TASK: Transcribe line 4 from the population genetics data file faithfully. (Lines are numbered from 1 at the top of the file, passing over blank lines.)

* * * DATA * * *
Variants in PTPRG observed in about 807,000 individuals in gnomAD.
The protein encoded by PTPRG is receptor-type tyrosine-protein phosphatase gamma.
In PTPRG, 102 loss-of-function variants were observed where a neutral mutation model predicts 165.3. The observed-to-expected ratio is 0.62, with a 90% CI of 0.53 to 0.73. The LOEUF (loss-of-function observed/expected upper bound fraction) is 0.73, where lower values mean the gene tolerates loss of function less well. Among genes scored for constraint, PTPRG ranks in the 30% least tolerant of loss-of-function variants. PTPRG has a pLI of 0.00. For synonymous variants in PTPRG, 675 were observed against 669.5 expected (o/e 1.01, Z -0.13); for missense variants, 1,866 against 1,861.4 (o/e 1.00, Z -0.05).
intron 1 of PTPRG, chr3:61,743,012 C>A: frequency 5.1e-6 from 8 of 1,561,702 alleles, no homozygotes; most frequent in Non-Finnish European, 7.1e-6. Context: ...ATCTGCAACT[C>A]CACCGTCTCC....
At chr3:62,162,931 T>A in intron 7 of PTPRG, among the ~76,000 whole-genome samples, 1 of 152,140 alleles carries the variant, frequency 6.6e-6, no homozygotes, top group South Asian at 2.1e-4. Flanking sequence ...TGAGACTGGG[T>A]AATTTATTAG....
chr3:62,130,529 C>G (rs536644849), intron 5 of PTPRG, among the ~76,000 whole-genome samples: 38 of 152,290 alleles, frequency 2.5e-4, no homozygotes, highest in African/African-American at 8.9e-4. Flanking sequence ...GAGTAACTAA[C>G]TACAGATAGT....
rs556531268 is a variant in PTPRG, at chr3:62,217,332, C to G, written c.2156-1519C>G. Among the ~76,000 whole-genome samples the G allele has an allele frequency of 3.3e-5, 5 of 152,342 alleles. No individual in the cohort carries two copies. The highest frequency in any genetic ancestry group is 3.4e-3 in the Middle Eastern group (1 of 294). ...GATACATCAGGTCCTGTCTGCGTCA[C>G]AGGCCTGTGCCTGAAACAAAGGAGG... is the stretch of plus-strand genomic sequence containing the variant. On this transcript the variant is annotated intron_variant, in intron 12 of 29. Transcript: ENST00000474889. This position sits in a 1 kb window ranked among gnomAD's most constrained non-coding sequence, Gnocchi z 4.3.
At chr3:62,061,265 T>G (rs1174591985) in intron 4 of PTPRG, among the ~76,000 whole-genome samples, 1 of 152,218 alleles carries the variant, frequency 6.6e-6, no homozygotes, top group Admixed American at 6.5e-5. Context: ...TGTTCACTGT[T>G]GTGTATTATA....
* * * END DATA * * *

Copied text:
intron 1 of PTPRG, chr3:61,743,012 C>A: frequency 5.1e-6 from 8 of 1,561,702 alleles, no homozygotes; most frequent in Non-Finnish European, 7.1e-6. Context: ...ATCTGCAACT[C>A]CACCGTCTCC....